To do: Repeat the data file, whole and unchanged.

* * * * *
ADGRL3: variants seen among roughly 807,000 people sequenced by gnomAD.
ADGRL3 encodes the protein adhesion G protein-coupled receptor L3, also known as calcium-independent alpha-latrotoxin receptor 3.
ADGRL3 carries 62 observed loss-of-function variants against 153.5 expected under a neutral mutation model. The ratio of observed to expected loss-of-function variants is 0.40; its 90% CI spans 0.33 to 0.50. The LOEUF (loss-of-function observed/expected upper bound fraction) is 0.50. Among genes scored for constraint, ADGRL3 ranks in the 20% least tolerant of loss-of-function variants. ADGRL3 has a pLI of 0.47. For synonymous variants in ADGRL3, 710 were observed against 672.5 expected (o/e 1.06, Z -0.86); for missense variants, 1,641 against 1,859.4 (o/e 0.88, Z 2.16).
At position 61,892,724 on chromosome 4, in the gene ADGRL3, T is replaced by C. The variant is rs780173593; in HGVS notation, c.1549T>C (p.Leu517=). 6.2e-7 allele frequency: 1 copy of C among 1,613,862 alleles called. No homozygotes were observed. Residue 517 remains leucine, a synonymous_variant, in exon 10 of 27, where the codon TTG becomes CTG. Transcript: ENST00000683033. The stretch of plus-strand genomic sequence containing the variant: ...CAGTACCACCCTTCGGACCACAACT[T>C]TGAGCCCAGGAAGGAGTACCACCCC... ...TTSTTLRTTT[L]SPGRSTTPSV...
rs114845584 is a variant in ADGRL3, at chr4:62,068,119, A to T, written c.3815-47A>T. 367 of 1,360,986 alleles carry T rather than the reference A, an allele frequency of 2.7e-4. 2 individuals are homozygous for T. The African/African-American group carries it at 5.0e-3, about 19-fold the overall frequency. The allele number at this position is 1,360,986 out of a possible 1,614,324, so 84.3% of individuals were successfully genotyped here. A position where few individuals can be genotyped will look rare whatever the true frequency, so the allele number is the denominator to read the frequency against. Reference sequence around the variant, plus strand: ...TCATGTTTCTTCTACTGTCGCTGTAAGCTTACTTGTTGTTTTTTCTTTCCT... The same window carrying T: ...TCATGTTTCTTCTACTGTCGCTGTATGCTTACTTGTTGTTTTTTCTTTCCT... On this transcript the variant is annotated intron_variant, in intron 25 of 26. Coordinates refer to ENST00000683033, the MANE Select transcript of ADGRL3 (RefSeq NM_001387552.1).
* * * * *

ADGRL3: variants seen among roughly 807,000 people sequenced by gnomAD.
ADGRL3 encodes the protein adhesion G protein-coupled receptor L3, also known as calcium-independent alpha-latrotoxin receptor 3.
ADGRL3 carries 62 observed loss-of-function variants against 153.5 expected under a neutral mutation model. The ratio of observed to expected loss-of-function variants is 0.40; its 90% CI spans 0.33 to 0.50. The LOEUF (loss-of-function observed/expected upper bound fraction) is 0.50. Among genes scored for constraint, ADGRL3 ranks in the 20% least tolerant of loss-of-function variants. ADGRL3 has a pLI of 0.47. For synonymous variants in ADGRL3, 710 were observed against 672.5 expected (o/e 1.06, Z -0.86); for missense variants, 1,641 against 1,859.4 (o/e 0.88, Z 2.16).
At position 61,892,724 on chromosome 4, in the gene ADGRL3, T is replaced by C. The variant is rs780173593; in HGVS notation, c.1549T>C (p.Leu517=). 6.2e-7 allele frequency: 1 copy of C among 1,613,862 alleles called. No homozygotes were observed. Residue 517 remains leucine, a synonymous_variant, in exon 10 of 27, where the codon TTG becomes CTG. Transcript: ENST00000683033. The stretch of plus-strand genomic sequence containing the variant: ...CAGTACCACCCTTCGGACCACAACT[T>C]TGAGCCCAGGAAGGAGTACCACCCC... ...TTSTTLRTTT[L]SPGRSTTPSV...
rs114845584 is a variant in ADGRL3, at chr4:62,068,119, A to T, written c.3815-47A>T. 367 of 1,360,986 alleles carry T rather than the reference A, an allele frequency of 2.7e-4. 2 individuals are homozygous for T. The African/African-American group carries it at 5.0e-3, about 19-fold the overall frequency. The allele number at this position is 1,360,986 out of a possible 1,614,324, so 84.3% of individuals were successfully genotyped here. A position where few individuals can be genotyped will look rare whatever the true frequency, so the allele number is the denominator to read the frequency against. Reference sequence around the variant, plus strand: ...TCATGTTTCTTCTACTGTCGCTGTAAGCTTACTTGTTGTTTTTTCTTTCCT... The same window carrying T: ...TCATGTTTCTTCTACTGTCGCTGTATGCTTACTTGTTGTTTTTTCTTTCCT... On this transcript the variant is annotated intron_variant, in intron 25 of 26. Coordinates refer to ENST00000683033, the MANE Select transcript of ADGRL3 (RefSeq NM_001387552.1).